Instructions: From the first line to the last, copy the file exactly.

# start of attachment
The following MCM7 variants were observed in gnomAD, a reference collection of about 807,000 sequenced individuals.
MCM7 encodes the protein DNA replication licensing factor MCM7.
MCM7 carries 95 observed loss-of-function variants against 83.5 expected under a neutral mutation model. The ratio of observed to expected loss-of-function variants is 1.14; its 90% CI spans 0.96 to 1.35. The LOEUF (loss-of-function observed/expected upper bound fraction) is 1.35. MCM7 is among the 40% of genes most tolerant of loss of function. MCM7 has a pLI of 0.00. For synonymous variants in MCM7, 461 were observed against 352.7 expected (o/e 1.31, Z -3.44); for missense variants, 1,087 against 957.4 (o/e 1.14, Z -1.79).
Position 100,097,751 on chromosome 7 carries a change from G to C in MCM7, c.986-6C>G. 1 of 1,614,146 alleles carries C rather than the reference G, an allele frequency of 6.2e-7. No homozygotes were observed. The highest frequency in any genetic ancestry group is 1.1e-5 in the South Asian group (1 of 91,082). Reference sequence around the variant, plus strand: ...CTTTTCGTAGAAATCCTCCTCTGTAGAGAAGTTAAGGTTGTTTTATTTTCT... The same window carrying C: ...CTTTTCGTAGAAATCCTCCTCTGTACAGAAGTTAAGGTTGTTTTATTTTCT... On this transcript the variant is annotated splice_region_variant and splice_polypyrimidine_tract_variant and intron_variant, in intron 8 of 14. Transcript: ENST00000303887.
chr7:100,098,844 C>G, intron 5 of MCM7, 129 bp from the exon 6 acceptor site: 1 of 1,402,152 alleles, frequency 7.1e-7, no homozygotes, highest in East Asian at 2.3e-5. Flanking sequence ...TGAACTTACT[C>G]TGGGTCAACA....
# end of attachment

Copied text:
The following MCM7 variants were observed in gnomAD, a reference collection of about 807,000 sequenced individuals.
MCM7 encodes the protein DNA replication licensing factor MCM7.
MCM7 carries 95 observed loss-of-function variants against 83.5 expected under a neutral mutation model. The ratio of observed to expected loss-of-function variants is 1.14; its 90% CI spans 0.96 to 1.35. The LOEUF (loss-of-function observed/expected upper bound fraction) is 1.35. MCM7 is among the 40% of genes most tolerant of loss of function. MCM7 has a pLI of 0.00. For synonymous variants in MCM7, 461 were observed against 352.7 expected (o/e 1.31, Z -3.44); for missense variants, 1,087 against 957.4 (o/e 1.14, Z -1.79).
Position 100,097,751 on chromosome 7 carries a change from G to C in MCM7, c.986-6C>G. 1 of 1,614,146 alleles carries C rather than the reference G, an allele frequency of 6.2e-7. No homozygotes were observed. The highest frequency in any genetic ancestry group is 1.1e-5 in the South Asian group (1 of 91,082). Reference sequence around the variant, plus strand: ...CTTTTCGTAGAAATCCTCCTCTGTAGAGAAGTTAAGGTTGTTTTATTTTCT... The same window carrying C: ...CTTTTCGTAGAAATCCTCCTCTGTACAGAAGTTAAGGTTGTTTTATTTTCT... On this transcript the variant is annotated splice_region_variant and splice_polypyrimidine_tract_variant and intron_variant, in intron 8 of 14. Transcript: ENST00000303887.
chr7:100,098,844 C>G, intron 5 of MCM7, 129 bp from the exon 6 acceptor site: 1 of 1,402,152 alleles, frequency 7.1e-7, no homozygotes, highest in East Asian at 2.3e-5. Flanking sequence ...TGAACTTACT[C>G]TGGGTCAACA....